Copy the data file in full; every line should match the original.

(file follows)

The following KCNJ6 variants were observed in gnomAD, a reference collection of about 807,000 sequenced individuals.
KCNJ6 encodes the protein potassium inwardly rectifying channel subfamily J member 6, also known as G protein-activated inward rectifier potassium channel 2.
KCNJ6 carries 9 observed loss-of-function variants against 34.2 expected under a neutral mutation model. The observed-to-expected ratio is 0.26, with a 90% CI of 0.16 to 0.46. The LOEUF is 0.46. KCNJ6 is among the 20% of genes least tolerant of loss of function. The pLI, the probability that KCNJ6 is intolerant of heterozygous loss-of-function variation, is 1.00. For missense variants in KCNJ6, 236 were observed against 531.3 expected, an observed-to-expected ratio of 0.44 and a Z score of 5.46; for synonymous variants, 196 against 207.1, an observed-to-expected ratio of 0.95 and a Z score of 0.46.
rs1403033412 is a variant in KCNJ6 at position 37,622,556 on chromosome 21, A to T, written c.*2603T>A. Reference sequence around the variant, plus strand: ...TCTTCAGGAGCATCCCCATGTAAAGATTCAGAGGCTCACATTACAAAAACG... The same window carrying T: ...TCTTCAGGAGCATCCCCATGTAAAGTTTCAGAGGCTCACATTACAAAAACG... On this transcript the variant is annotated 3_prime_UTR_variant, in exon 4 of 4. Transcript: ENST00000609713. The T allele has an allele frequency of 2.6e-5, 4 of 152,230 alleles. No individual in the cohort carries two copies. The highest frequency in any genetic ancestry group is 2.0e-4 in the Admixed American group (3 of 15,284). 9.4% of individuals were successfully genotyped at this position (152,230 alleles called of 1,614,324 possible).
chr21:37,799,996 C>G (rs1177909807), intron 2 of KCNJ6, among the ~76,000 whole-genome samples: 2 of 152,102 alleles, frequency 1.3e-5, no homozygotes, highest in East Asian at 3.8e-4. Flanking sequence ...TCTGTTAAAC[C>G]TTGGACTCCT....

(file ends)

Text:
The following KCNJ6 variants were observed in gnomAD, a reference collection of about 807,000 sequenced individuals.
KCNJ6 encodes the protein potassium inwardly rectifying channel subfamily J member 6, also known as G protein-activated inward rectifier potassium channel 2.
KCNJ6 carries 9 observed loss-of-function variants against 34.2 expected under a neutral mutation model. The observed-to-expected ratio is 0.26, with a 90% CI of 0.16 to 0.46. The LOEUF is 0.46. KCNJ6 is among the 20% of genes least tolerant of loss of function. The pLI, the probability that KCNJ6 is intolerant of heterozygous loss-of-function variation, is 1.00. For missense variants in KCNJ6, 236 were observed against 531.3 expected, an observed-to-expected ratio of 0.44 and a Z score of 5.46; for synonymous variants, 196 against 207.1, an observed-to-expected ratio of 0.95 and a Z score of 0.46.
rs1403033412 is a variant in KCNJ6 at position 37,622,556 on chromosome 21, A to T, written c.*2603T>A. Reference sequence around the variant, plus strand: ...TCTTCAGGAGCATCCCCATGTAAAGATTCAGAGGCTCACATTACAAAAACG... The same window carrying T: ...TCTTCAGGAGCATCCCCATGTAAAGTTTCAGAGGCTCACATTACAAAAACG... On this transcript the variant is annotated 3_prime_UTR_variant, in exon 4 of 4. Transcript: ENST00000609713. The T allele has an allele frequency of 2.6e-5, 4 of 152,230 alleles. No individual in the cohort carries two copies. The highest frequency in any genetic ancestry group is 2.0e-4 in the Admixed American group (3 of 15,284). 9.4% of individuals were successfully genotyped at this position (152,230 alleles called of 1,614,324 possible).
chr21:37,799,996 C>G (rs1177909807), intron 2 of KCNJ6, among the ~76,000 whole-genome samples: 2 of 152,102 alleles, frequency 1.3e-5, no homozygotes, highest in East Asian at 3.8e-4. Flanking sequence ...TCTGTTAAAC[C>G]TTGGACTCCT....